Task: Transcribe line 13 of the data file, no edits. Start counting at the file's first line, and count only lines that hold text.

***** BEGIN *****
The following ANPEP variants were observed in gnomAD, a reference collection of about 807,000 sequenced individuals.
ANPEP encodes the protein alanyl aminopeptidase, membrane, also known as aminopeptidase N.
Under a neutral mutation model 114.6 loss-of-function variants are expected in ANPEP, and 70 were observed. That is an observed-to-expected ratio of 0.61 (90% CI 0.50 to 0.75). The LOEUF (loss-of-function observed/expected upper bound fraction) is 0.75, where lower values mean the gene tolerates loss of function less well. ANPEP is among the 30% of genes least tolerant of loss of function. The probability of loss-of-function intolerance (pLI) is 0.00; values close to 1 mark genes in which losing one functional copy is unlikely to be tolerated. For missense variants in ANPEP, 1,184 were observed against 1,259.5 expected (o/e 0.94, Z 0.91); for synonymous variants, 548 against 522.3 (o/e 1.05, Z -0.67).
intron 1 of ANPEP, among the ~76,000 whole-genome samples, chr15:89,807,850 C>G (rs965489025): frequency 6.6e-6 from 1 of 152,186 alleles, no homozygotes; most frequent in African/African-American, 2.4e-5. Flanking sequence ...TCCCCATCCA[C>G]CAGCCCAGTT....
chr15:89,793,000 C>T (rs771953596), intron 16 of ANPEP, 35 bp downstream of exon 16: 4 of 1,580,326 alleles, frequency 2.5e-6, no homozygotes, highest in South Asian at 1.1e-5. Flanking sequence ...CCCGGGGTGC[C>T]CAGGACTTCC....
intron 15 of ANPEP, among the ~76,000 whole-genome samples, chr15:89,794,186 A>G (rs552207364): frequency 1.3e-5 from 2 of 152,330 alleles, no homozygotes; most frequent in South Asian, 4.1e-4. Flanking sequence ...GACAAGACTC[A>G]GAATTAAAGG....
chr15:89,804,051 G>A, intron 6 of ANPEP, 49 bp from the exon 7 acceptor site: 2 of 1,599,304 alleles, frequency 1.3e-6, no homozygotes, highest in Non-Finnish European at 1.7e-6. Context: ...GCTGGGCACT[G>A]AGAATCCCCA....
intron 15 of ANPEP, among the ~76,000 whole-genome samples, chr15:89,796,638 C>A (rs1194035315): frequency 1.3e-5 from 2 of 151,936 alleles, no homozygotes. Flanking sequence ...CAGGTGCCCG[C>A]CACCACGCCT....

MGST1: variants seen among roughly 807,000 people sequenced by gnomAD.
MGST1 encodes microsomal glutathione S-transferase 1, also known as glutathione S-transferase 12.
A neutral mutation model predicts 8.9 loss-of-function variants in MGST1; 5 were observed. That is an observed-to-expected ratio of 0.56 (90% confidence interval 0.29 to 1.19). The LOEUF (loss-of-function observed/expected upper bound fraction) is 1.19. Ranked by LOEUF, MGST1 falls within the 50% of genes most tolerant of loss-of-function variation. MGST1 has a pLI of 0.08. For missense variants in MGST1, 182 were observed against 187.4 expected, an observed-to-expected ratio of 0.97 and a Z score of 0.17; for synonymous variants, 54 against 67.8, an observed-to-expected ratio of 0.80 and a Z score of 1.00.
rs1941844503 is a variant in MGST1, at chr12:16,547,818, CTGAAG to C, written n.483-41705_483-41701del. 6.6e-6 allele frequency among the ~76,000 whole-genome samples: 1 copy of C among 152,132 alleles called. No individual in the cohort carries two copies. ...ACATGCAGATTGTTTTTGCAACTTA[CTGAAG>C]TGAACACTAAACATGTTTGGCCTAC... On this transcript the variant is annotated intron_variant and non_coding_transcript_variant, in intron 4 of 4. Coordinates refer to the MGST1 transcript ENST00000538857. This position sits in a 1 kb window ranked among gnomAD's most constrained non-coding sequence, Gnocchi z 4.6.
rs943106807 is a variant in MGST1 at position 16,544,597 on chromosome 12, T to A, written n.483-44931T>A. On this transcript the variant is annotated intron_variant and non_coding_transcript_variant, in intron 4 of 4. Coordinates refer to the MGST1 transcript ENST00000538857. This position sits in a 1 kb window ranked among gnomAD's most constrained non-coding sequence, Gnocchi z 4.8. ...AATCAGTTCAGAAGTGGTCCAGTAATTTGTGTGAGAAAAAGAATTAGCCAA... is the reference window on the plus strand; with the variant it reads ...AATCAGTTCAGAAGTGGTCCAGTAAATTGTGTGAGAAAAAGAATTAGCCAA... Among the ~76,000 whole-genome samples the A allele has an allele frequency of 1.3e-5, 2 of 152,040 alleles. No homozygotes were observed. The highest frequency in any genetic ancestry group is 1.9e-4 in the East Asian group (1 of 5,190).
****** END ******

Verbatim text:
rs943106807 is a variant in MGST1 at position 16,544,597 on chromosome 12, T to A, written n.483-44931T>A. On this transcript the variant is annotated intron_variant and non_coding_transcript_variant, in intron 4 of 4. Coordinates refer to the MGST1 transcript ENST00000538857. This position sits in a 1 kb window ranked among gnomAD's most constrained non-coding sequence, Gnocchi z 4.8. ...AATCAGTTCAGAAGTGGTCCAGTAATTTGTGTGAGAAAAAGAATTAGCCAA... is the reference window on the plus strand; with the variant it reads ...AATCAGTTCAGAAGTGGTCCAGTAAATTGTGTGAGAAAAAGAATTAGCCAA... Among the ~76,000 whole-genome samples the A allele has an allele frequency of 1.3e-5, 2 of 152,040 alleles. No homozygotes were observed. The highest frequency in any genetic ancestry group is 1.9e-4 in the East Asian group (1 of 5,190).